As a resident of Flagstaff, I feel blessed to be surrounded by unparalleled natural beauty. Wupatki, Sunset Crater, and Walnut Canyon National Monuments, and, of course, the Grand Canyon are only a few of the many wonders people from around the world travel to see. These wild places mean more to me than simple outdoor recreation; they also provide a source of spiritual renewal as I enjoy the majestic beauty of Creation. In the United States, over 84 million acres have been set aside for protection by the National Park Service (NPS). These areas comprise a shared national treasure, made up of areas set aside for preservation because of their unique historical, natural, or scientific value.
Our national parks offer so many benefits to people, animals, as well as the environment. Often the enormous economic benefits go unrecognized. With its 22 national park units, Arizona ranks fifth among the states in terms of total spending by visitors. An NPS report last year showed that spending from visitors to Arizona’s National Parks had a cumulative benefit to the state economy of $1.37 billion and supported 14,729 jobs. In 2015, overall spending by visitors to U.S. national parks provided a $32 billion benefit to the nation’s economy and supported 295,000 jobs. The study also found that the people who benefit the most from these jobs are the rural, and often impoverished, communities that surround National Parks.
The National Park System also protects Native American cultural and sacred sites. Last year President Obama established Bears Ears National Monument in response to requests from a coalition of 30 Native American tribes and their allies to protect sacred sites and ancestral lands that are still being used by local tribes for hunting and gathering. Using his authority under the Antiquities Act, the designation by President Obama will ensure that Native Americans have unhindered access to their ancestral lands. Similarly, in Arizona, the Canyon de Chelly National Monument protects Navajo homes, farmland, as well as other culturally significant sites.
Our national parks also provide critical habitat for threatened and endangered species. At least one or more endangered species are found in 204 of our 394 National Parks. The National Park Service mission includes reducing the risk of extinction of plants and animals in the parks and restoring species that have been lost due to human activity. National Parks in Arizona protect 22 threatened and endangered species including the black-footed ferret which has been brought back from near extinction.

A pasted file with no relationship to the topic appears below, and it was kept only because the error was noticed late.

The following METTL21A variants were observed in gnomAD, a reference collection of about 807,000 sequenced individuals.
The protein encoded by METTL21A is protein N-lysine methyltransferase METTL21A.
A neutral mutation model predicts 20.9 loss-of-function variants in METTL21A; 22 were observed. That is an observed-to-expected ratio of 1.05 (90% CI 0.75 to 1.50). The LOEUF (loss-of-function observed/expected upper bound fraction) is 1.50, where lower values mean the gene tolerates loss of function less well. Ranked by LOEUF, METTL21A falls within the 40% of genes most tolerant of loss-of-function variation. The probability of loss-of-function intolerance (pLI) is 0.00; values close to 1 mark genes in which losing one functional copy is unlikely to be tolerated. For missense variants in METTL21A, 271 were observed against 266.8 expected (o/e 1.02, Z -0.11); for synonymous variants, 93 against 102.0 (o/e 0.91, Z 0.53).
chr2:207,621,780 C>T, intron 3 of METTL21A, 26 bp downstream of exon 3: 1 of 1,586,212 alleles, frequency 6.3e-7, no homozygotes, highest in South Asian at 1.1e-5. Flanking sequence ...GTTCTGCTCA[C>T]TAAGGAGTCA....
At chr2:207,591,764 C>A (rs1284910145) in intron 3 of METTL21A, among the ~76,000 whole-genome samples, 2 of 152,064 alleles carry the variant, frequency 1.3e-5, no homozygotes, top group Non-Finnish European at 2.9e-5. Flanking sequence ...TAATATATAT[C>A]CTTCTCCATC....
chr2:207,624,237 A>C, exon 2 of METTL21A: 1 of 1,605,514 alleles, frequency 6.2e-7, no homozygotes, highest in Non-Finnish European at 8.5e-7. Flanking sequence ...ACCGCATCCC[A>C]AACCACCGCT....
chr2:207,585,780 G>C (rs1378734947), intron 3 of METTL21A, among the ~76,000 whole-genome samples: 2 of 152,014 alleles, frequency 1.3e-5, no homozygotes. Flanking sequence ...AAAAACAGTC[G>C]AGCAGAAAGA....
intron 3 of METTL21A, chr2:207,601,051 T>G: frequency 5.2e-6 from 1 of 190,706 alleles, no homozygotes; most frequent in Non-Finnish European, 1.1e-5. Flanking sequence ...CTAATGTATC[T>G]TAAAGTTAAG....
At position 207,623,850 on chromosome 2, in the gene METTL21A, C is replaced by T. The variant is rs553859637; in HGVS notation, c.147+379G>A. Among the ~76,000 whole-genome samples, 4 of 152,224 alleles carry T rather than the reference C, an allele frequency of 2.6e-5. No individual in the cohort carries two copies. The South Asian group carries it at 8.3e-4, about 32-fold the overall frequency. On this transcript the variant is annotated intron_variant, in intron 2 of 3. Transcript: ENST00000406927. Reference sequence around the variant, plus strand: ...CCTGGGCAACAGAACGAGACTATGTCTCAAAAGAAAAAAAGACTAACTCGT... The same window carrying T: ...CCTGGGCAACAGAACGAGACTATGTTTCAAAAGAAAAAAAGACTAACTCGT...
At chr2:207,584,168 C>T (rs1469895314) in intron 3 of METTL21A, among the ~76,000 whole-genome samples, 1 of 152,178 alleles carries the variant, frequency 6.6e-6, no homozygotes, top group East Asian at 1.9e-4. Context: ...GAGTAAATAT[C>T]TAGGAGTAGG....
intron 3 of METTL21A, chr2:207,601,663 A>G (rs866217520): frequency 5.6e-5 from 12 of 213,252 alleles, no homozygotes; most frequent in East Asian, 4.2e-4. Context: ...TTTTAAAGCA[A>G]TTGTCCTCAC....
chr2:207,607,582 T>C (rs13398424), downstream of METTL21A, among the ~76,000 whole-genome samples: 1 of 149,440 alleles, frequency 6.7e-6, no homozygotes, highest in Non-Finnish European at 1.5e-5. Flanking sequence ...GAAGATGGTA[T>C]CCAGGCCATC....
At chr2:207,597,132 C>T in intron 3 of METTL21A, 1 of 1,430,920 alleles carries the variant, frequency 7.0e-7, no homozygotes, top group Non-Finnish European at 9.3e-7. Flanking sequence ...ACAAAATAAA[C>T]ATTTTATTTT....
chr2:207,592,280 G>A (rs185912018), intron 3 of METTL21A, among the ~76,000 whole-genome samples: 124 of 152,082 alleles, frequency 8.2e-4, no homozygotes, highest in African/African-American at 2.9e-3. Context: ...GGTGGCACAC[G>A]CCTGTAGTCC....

As a concerned citizen as well as a member of the Christian tradition, I believe our national park system is worthy of our protection. National parks provide opportunities to clear our heads, open our hearts, and encounter God in the Wilderness. Time stands still and we become simultaneously aware of our “smallness,” as well as the great power and responsibility we have. “Love thy neighbor” not only means providing much-needed jobs for rural communities, but also respecting the essential human dignity of Native Americans by protecting their cultural heritage. I believe that God has called us to be good stewards of Creation, and the National Park System honors this essential teaching that is found in Christianity and many different religious traditions. Without National Parks, numerous plant and animal species would now be extinct.
Let us not be short-sighted by cutting essential funding for our National Parks. We can and should speak for those who cannot – the plants, the animals, the land, the stifled voices of people who have been here for generations. We can and must mobilize our communities for greater protection of our shared inheritance, and ensure that we pass on this legacy to future generations. The whole world may be in God’s hands, but its care is in ours.
Rachel Davis is a member of Flagstaff Federated Community Church
"The whole world may be in God’s hands, but its care is in ours."